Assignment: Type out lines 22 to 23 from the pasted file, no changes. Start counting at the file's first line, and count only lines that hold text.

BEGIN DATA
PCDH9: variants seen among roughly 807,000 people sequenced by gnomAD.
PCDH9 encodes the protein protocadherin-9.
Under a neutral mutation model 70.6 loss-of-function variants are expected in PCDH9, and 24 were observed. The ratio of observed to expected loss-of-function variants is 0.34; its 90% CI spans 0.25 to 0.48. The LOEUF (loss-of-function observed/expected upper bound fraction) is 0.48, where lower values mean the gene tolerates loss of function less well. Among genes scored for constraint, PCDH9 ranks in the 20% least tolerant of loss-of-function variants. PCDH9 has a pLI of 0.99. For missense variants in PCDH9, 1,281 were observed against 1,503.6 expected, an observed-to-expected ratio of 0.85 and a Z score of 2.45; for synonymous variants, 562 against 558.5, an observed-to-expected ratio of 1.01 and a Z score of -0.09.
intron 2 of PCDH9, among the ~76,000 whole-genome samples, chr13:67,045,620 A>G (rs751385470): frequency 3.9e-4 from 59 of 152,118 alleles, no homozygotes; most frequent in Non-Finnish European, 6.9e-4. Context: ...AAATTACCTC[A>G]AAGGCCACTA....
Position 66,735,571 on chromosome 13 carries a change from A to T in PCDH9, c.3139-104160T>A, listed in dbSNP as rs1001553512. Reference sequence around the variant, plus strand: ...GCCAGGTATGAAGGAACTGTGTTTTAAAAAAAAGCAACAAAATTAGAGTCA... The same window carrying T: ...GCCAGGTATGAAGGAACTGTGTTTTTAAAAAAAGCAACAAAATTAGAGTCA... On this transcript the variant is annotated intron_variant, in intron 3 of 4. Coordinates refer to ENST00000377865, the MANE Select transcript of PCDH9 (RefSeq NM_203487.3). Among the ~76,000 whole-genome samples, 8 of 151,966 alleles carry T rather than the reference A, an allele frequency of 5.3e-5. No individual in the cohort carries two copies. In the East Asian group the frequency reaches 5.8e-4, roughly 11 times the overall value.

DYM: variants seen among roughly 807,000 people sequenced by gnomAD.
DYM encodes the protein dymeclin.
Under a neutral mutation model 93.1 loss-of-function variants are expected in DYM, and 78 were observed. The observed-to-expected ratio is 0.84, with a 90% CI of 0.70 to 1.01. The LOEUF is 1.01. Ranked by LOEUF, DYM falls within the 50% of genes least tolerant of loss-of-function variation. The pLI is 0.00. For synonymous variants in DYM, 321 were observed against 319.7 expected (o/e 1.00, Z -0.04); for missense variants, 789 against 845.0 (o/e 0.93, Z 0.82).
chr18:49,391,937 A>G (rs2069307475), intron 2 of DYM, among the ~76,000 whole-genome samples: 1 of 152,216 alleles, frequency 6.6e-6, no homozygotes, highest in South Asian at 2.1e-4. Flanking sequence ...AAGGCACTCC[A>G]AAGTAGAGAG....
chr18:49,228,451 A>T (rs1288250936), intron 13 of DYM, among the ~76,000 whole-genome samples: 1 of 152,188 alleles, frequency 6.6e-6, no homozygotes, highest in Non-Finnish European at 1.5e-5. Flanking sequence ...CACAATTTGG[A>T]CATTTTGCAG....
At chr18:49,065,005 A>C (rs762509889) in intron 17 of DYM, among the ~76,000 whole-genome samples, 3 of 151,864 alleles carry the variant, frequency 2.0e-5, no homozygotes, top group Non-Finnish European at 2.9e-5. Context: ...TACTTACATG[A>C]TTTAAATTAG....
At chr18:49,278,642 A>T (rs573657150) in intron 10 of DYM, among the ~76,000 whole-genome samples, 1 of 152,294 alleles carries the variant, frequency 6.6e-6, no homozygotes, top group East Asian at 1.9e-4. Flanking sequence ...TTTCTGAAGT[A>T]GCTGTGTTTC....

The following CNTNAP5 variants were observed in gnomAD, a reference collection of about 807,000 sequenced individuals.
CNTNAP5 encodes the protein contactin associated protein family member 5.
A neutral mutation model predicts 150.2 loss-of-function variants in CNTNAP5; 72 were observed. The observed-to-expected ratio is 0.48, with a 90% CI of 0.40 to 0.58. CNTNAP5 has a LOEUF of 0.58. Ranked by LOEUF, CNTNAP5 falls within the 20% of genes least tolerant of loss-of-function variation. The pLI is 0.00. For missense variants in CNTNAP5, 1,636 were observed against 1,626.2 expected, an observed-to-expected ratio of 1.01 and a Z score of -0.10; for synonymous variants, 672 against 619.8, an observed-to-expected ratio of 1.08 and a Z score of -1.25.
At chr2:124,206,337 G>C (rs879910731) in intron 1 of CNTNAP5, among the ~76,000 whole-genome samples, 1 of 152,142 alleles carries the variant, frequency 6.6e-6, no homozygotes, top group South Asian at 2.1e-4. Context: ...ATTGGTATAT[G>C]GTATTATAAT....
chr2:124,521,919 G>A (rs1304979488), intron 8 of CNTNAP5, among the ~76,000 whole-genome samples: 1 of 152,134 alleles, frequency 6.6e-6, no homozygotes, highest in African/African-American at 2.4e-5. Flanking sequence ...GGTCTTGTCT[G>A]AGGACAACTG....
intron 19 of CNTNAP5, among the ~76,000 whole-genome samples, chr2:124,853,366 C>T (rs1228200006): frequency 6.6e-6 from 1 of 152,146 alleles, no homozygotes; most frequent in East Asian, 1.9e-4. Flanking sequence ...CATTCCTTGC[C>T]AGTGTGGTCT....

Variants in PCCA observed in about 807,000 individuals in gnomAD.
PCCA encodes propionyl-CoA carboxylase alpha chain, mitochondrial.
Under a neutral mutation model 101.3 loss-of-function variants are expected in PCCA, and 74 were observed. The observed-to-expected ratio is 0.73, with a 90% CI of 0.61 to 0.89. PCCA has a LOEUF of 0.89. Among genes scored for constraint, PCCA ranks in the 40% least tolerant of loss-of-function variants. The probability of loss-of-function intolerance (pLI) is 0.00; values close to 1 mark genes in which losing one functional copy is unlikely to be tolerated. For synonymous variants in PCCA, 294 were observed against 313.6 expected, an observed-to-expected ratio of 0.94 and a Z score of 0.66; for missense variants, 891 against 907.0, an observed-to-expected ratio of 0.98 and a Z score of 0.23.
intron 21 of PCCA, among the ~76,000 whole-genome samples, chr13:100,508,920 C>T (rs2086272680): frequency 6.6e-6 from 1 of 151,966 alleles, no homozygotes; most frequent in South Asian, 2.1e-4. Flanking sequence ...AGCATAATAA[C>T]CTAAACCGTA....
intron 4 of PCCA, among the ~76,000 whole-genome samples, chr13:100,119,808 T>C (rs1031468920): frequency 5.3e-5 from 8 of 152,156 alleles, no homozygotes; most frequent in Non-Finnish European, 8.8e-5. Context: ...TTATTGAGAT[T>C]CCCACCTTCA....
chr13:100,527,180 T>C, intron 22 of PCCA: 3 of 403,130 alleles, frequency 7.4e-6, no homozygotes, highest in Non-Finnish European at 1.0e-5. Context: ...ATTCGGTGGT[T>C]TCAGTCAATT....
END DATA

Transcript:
intron 21 of PCCA, among the ~76,000 whole-genome samples, chr13:100,508,920 C>T (rs2086272680): frequency 6.6e-6 from 1 of 151,966 alleles, no homozygotes; most frequent in South Asian, 2.1e-4. Flanking sequence ...AGCATAATAA[C>T]CTAAACCGTA....
intron 4 of PCCA, among the ~76,000 whole-genome samples, chr13:100,119,808 T>C (rs1031468920): frequency 5.3e-5 from 8 of 152,156 alleles, no homozygotes; most frequent in Non-Finnish European, 8.8e-5. Context: ...TTATTGAGAT[T>C]CCCACCTTCA....